JOURNAL ARTICLE
MULTICENTER STUDY

Sentinel European Node Trial (SENT): 3-year results of sentinel node biopsy in oral cancer

Clare Schilling, Sandro J Stoeckli, Stephan K Haerle, Martina A Broglie, Gerhard F Huber, Jens Ahm Sorensen, Vivi Bakholdt, Annelise Krogdahl, Christian von Buchwald, Anders Bilde, Lars R Sebbesen, Edward Odell, Benjamin Gurney, Michael O'Doherty, Remco de Bree, Elisabeth Bloemena, Geke B Flach, Pedro M Villarreal, Manuel Florentino Fresno Forcelledo, Luis Manuel Junquera Gutiérrez, Julio Alvarez Amézaga, Luis Barbier, Joseba Santamaría-Zuazua, Augusto Moreira, Manuel Jacome, Maurizio Giovanni Vigili, Siavash Rahimi, Girolamo Tartaglione, Georges Lawson, Marie-Cecile Nollevaux, Cesare Grandi, Davide Donner, Emma Bragantini, Didier Dequanter, Philippe Lothaire, Tito Poli, Enrico M Silini, Erinco Sesenna, Giles Dolivet, Romina Mastronicola, Agnes Leroux, Isabel Sassoon, Philip Sloan, Mark McGurk
European Journal of Cancer 2015, 51 (18): 2777-84
26597442

PURPOSE: Optimum management of the N0 neck is unresolved in oral cancer. Sentinel node biopsy (SNB) can reliably detect microscopic lymph node metastasis. The object of this study was to establish whether the technique was both reliable in staging the N0 neck and a safe oncological procedure in patients with early-stage oral squamous cell carcinoma.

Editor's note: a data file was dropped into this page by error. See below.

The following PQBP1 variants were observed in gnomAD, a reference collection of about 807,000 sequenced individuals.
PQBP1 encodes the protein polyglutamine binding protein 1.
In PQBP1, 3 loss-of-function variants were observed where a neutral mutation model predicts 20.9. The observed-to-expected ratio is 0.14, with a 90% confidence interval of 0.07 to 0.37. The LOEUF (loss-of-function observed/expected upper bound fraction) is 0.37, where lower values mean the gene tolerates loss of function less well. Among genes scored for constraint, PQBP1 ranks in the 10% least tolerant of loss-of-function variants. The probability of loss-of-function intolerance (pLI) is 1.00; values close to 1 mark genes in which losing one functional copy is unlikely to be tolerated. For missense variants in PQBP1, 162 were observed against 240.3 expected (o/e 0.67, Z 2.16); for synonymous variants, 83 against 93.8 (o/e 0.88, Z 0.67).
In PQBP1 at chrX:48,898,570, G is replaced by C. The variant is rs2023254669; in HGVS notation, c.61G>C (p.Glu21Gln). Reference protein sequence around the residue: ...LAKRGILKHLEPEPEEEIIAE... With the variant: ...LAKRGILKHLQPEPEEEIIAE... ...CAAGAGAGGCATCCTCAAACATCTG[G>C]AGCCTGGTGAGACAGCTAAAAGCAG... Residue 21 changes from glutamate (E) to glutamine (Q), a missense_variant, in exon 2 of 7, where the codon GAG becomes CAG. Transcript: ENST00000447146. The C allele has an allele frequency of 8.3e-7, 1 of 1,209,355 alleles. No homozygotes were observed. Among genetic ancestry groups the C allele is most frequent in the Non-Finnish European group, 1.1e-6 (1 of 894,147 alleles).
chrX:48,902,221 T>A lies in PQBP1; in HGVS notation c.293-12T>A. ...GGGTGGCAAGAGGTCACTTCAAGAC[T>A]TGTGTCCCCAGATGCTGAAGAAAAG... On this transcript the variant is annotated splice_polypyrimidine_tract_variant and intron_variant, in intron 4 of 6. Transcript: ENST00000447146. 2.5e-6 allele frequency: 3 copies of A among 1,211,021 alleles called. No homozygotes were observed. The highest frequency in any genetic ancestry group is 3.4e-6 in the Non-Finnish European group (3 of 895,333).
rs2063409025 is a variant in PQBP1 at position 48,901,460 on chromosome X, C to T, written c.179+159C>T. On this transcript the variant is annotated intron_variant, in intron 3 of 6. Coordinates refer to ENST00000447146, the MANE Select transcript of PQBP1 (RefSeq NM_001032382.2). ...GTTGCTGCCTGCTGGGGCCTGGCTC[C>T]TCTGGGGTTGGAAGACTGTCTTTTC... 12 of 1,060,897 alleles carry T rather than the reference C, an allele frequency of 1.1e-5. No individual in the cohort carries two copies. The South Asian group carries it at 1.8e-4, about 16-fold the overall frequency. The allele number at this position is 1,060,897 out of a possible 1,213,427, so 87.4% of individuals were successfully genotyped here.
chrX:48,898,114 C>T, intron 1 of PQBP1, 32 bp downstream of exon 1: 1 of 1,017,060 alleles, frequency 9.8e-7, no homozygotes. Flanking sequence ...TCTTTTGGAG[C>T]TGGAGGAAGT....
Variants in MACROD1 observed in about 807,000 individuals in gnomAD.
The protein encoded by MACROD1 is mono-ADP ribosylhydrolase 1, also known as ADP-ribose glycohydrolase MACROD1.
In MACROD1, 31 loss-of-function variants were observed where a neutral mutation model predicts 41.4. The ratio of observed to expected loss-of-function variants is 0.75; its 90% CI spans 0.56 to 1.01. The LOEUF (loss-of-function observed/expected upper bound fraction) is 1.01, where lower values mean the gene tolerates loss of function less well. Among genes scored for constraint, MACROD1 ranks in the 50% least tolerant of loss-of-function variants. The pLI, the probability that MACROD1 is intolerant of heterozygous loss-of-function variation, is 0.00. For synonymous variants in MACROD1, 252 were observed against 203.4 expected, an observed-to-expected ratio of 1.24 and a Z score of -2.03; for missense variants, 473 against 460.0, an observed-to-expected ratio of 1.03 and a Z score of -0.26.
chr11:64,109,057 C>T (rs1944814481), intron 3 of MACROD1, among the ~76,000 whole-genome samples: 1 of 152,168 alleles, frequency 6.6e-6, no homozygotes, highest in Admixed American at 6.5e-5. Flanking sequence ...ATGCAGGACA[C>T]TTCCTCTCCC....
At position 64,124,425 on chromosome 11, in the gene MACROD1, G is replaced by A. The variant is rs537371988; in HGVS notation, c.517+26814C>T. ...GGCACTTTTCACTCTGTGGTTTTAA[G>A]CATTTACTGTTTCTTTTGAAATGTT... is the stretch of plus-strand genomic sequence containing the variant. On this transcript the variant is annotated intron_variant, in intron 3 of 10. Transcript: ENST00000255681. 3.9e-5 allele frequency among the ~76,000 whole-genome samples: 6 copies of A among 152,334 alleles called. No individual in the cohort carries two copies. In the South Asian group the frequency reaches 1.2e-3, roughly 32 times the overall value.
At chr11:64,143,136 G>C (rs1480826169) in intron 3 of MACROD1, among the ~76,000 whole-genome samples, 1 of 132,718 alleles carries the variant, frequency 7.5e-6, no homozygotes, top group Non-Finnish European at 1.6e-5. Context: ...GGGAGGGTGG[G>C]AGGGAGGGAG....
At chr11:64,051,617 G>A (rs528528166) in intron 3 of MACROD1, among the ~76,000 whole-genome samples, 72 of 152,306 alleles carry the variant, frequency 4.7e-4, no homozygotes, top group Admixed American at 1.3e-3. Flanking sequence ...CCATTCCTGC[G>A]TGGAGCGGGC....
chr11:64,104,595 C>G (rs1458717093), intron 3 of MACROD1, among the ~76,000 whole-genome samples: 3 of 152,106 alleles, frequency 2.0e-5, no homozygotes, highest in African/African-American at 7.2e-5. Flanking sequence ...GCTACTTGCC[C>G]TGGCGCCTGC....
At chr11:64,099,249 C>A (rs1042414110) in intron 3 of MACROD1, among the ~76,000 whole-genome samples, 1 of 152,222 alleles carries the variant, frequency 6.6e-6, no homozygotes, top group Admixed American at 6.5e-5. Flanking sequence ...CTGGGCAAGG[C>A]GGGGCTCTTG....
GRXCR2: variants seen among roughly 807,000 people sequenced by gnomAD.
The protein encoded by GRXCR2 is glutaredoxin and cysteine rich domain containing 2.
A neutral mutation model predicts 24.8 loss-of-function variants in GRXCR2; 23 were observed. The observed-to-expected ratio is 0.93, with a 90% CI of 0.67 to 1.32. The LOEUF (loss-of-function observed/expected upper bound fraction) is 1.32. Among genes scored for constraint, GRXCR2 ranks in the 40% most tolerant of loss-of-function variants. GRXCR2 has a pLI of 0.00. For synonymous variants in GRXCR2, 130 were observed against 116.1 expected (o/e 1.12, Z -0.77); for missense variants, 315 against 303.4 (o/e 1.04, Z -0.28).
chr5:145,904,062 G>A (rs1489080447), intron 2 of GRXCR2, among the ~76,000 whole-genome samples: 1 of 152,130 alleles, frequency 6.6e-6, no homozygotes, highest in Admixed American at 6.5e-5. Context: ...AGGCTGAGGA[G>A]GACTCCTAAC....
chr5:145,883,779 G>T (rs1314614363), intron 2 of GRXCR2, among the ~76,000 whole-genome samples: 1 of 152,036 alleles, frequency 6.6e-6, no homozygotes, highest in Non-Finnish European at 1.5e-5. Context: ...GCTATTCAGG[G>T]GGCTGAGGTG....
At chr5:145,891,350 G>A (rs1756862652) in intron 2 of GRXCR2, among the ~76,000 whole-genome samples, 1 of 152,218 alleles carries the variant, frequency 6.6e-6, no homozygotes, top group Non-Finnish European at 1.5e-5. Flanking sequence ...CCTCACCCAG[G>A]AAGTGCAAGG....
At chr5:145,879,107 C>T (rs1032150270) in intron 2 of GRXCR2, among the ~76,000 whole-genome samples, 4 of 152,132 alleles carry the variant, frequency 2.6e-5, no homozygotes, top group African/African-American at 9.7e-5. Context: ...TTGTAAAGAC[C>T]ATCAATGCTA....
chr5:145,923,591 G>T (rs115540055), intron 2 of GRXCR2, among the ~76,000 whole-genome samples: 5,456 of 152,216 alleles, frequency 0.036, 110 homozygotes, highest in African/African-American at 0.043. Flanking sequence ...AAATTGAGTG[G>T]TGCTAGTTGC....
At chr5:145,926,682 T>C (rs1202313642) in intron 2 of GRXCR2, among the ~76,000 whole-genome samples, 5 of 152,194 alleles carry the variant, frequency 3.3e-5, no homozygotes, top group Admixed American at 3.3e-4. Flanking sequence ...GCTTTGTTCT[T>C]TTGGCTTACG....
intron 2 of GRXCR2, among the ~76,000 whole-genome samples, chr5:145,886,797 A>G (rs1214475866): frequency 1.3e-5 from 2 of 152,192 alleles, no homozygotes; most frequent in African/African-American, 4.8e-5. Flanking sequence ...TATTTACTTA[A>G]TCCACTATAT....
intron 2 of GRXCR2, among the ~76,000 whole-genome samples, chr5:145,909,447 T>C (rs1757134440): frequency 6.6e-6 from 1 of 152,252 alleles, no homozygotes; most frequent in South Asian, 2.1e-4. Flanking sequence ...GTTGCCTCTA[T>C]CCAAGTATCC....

METHODS: An European Organisation for Research and Treatment of Cancer-approved prospective, observational study commenced in 2005. Fourteen European centres recruited 415 patients with radiologically staged T1-T2N0 squamous cell carcinoma. SNB was undertaken with an average of 3.2 nodes removed per patient. Patients were excluded if the sentinel node (SN) could not be identified. A positive SN led to a neck dissection within 3 weeks. Analysis was performed at 3-year follow-up.

RESULTS: An SN was found in 99.5% of cases. Positive SNs were found in 23% (94 in 415). A false-negative result occurred in 14% (15 in 109) of patients, of whom eight were subsequently rescued by salvage therapy. Recurrence after a positive SNB and subsequent neck dissection occurred in 22 patients, of which 16 (73%) were in the neck and just six patients were rescued. Only minor complications (3%) were reported following SNB. Disease-specific survival was 94%. The sensitivity of SNB was 86% and the negative predictive value 95%.

CONCLUSION: These data show that SNB is a reliable and safe oncological technique for staging the clinically N0 neck in patients with T1 and T2 oral cancer. EORTC Protocol 24021: Sentinel Node Biopsy in the Management of Oral and Oropharyngeal Squamous Cell Carcinoma.

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